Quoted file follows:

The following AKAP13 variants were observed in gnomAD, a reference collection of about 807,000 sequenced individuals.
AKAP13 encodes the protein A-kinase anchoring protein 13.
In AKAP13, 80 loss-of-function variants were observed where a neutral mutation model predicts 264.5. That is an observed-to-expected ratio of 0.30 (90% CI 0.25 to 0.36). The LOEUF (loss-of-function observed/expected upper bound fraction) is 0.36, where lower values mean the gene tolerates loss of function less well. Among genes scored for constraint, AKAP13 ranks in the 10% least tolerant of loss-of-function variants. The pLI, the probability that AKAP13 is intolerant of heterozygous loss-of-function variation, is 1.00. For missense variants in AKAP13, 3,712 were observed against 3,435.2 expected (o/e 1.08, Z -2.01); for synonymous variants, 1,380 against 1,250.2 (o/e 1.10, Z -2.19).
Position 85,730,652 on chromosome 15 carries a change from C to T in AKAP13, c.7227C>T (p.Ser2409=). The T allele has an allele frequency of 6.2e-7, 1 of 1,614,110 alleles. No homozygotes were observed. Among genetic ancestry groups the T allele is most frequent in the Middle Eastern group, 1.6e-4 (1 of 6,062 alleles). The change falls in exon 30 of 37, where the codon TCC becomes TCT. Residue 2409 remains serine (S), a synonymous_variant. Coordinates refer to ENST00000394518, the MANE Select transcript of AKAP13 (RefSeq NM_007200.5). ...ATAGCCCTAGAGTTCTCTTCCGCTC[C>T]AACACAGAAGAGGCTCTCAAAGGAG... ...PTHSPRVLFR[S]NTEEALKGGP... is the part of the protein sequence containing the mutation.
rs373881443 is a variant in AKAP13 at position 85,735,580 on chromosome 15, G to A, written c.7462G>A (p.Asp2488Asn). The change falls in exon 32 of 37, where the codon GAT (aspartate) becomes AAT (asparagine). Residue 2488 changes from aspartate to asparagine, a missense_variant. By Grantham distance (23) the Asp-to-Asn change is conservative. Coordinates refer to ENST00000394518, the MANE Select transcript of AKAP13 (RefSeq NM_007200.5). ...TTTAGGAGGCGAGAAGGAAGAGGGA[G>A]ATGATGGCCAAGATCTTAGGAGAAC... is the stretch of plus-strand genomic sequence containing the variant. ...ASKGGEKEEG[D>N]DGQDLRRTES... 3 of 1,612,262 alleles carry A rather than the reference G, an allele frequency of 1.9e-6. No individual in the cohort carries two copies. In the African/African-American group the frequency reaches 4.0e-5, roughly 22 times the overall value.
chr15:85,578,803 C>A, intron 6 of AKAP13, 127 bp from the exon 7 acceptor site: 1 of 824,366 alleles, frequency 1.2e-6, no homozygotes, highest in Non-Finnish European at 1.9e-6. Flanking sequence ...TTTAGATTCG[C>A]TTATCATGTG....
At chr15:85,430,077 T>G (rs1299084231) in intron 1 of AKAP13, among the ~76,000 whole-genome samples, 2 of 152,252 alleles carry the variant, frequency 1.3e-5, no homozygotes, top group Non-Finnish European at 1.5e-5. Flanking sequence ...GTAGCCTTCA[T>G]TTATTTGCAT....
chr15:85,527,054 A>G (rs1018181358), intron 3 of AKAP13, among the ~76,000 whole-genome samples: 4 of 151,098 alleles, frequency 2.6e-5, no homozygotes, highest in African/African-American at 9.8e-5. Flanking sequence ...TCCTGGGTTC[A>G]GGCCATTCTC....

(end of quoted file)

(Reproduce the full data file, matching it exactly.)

The following AKAP13 variants were observed in gnomAD, a reference collection of about 807,000 sequenced individuals.
AKAP13 encodes the protein A-kinase anchoring protein 13.
In AKAP13, 80 loss-of-function variants were observed where a neutral mutation model predicts 264.5. That is an observed-to-expected ratio of 0.30 (90% CI 0.25 to 0.36). The LOEUF (loss-of-function observed/expected upper bound fraction) is 0.36, where lower values mean the gene tolerates loss of function less well. Among genes scored for constraint, AKAP13 ranks in the 10% least tolerant of loss-of-function variants. The pLI, the probability that AKAP13 is intolerant of heterozygous loss-of-function variation, is 1.00. For missense variants in AKAP13, 3,712 were observed against 3,435.2 expected (o/e 1.08, Z -2.01); for synonymous variants, 1,380 against 1,250.2 (o/e 1.10, Z -2.19).
Position 85,730,652 on chromosome 15 carries a change from C to T in AKAP13, c.7227C>T (p.Ser2409=). The T allele has an allele frequency of 6.2e-7, 1 of 1,614,110 alleles. No homozygotes were observed. Among genetic ancestry groups the T allele is most frequent in the Middle Eastern group, 1.6e-4 (1 of 6,062 alleles). The change falls in exon 30 of 37, where the codon TCC becomes TCT. Residue 2409 remains serine (S), a synonymous_variant. Coordinates refer to ENST00000394518, the MANE Select transcript of AKAP13 (RefSeq NM_007200.5). ...ATAGCCCTAGAGTTCTCTTCCGCTC[C>T]AACACAGAAGAGGCTCTCAAAGGAG... ...PTHSPRVLFR[S]NTEEALKGGP... is the part of the protein sequence containing the mutation.
rs373881443 is a variant in AKAP13 at position 85,735,580 on chromosome 15, G to A, written c.7462G>A (p.Asp2488Asn). The change falls in exon 32 of 37, where the codon GAT (aspartate) becomes AAT (asparagine). Residue 2488 changes from aspartate to asparagine, a missense_variant. By Grantham distance (23) the Asp-to-Asn change is conservative. Coordinates refer to ENST00000394518, the MANE Select transcript of AKAP13 (RefSeq NM_007200.5). ...TTTAGGAGGCGAGAAGGAAGAGGGA[G>A]ATGATGGCCAAGATCTTAGGAGAAC... is the stretch of plus-strand genomic sequence containing the variant. ...ASKGGEKEEG[D>N]DGQDLRRTES... 3 of 1,612,262 alleles carry A rather than the reference G, an allele frequency of 1.9e-6. No individual in the cohort carries two copies. In the African/African-American group the frequency reaches 4.0e-5, roughly 22 times the overall value.
chr15:85,578,803 C>A, intron 6 of AKAP13, 127 bp from the exon 7 acceptor site: 1 of 824,366 alleles, frequency 1.2e-6, no homozygotes, highest in Non-Finnish European at 1.9e-6. Flanking sequence ...TTTAGATTCG[C>A]TTATCATGTG....
At chr15:85,430,077 T>G (rs1299084231) in intron 1 of AKAP13, among the ~76,000 whole-genome samples, 2 of 152,252 alleles carry the variant, frequency 1.3e-5, no homozygotes, top group Non-Finnish European at 1.5e-5. Flanking sequence ...GTAGCCTTCA[T>G]TTATTTGCAT....
chr15:85,527,054 A>G (rs1018181358), intron 3 of AKAP13, among the ~76,000 whole-genome samples: 4 of 151,098 alleles, frequency 2.6e-5, no homozygotes, highest in African/African-American at 9.8e-5. Flanking sequence ...TCCTGGGTTC[A>G]GGCCATTCTC....